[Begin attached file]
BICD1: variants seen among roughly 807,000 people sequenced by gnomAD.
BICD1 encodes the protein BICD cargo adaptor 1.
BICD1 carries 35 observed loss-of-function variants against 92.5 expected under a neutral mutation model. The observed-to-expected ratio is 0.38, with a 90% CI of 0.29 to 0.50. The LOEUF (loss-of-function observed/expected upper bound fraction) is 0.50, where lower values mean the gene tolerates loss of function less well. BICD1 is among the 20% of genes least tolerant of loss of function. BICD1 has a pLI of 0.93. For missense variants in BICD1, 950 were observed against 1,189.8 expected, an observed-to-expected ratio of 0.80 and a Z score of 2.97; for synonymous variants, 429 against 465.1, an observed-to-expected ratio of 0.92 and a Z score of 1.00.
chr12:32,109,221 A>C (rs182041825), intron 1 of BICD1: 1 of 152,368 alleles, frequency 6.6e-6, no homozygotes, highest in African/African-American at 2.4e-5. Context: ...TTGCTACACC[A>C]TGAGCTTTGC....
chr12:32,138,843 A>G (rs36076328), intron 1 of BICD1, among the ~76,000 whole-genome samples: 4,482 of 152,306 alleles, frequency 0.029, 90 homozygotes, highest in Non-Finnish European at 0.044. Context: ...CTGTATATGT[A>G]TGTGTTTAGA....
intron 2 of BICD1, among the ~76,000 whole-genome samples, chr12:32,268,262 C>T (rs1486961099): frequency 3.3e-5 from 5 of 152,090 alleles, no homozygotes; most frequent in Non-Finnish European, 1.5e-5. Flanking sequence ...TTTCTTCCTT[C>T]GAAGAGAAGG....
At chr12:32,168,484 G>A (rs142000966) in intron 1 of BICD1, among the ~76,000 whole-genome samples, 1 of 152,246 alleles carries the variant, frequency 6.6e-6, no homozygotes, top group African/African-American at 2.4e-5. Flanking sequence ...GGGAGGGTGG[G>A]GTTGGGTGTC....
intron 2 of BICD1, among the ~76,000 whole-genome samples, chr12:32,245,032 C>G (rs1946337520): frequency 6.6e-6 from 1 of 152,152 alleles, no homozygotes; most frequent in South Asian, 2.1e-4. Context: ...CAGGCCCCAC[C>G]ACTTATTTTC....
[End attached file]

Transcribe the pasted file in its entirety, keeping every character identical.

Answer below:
BICD1: variants seen among roughly 807,000 people sequenced by gnomAD.
BICD1 encodes the protein BICD cargo adaptor 1.
BICD1 carries 35 observed loss-of-function variants against 92.5 expected under a neutral mutation model. The observed-to-expected ratio is 0.38, with a 90% CI of 0.29 to 0.50. The LOEUF (loss-of-function observed/expected upper bound fraction) is 0.50, where lower values mean the gene tolerates loss of function less well. BICD1 is among the 20% of genes least tolerant of loss of function. BICD1 has a pLI of 0.93. For missense variants in BICD1, 950 were observed against 1,189.8 expected, an observed-to-expected ratio of 0.80 and a Z score of 2.97; for synonymous variants, 429 against 465.1, an observed-to-expected ratio of 0.92 and a Z score of 1.00.
chr12:32,109,221 A>C (rs182041825), intron 1 of BICD1: 1 of 152,368 alleles, frequency 6.6e-6, no homozygotes, highest in African/African-American at 2.4e-5. Context: ...TTGCTACACC[A>C]TGAGCTTTGC....
chr12:32,138,843 A>G (rs36076328), intron 1 of BICD1, among the ~76,000 whole-genome samples: 4,482 of 152,306 alleles, frequency 0.029, 90 homozygotes, highest in Non-Finnish European at 0.044. Context: ...CTGTATATGT[A>G]TGTGTTTAGA....
intron 2 of BICD1, among the ~76,000 whole-genome samples, chr12:32,268,262 C>T (rs1486961099): frequency 3.3e-5 from 5 of 152,090 alleles, no homozygotes; most frequent in Non-Finnish European, 1.5e-5. Flanking sequence ...TTTCTTCCTT[C>T]GAAGAGAAGG....
At chr12:32,168,484 G>A (rs142000966) in intron 1 of BICD1, among the ~76,000 whole-genome samples, 1 of 152,246 alleles carries the variant, frequency 6.6e-6, no homozygotes, top group African/African-American at 2.4e-5. Flanking sequence ...GGGAGGGTGG[G>A]GTTGGGTGTC....
intron 2 of BICD1, among the ~76,000 whole-genome samples, chr12:32,245,032 C>G (rs1946337520): frequency 6.6e-6 from 1 of 152,152 alleles, no homozygotes; most frequent in South Asian, 2.1e-4. Context: ...CAGGCCCCAC[C>G]ACTTATTTTC....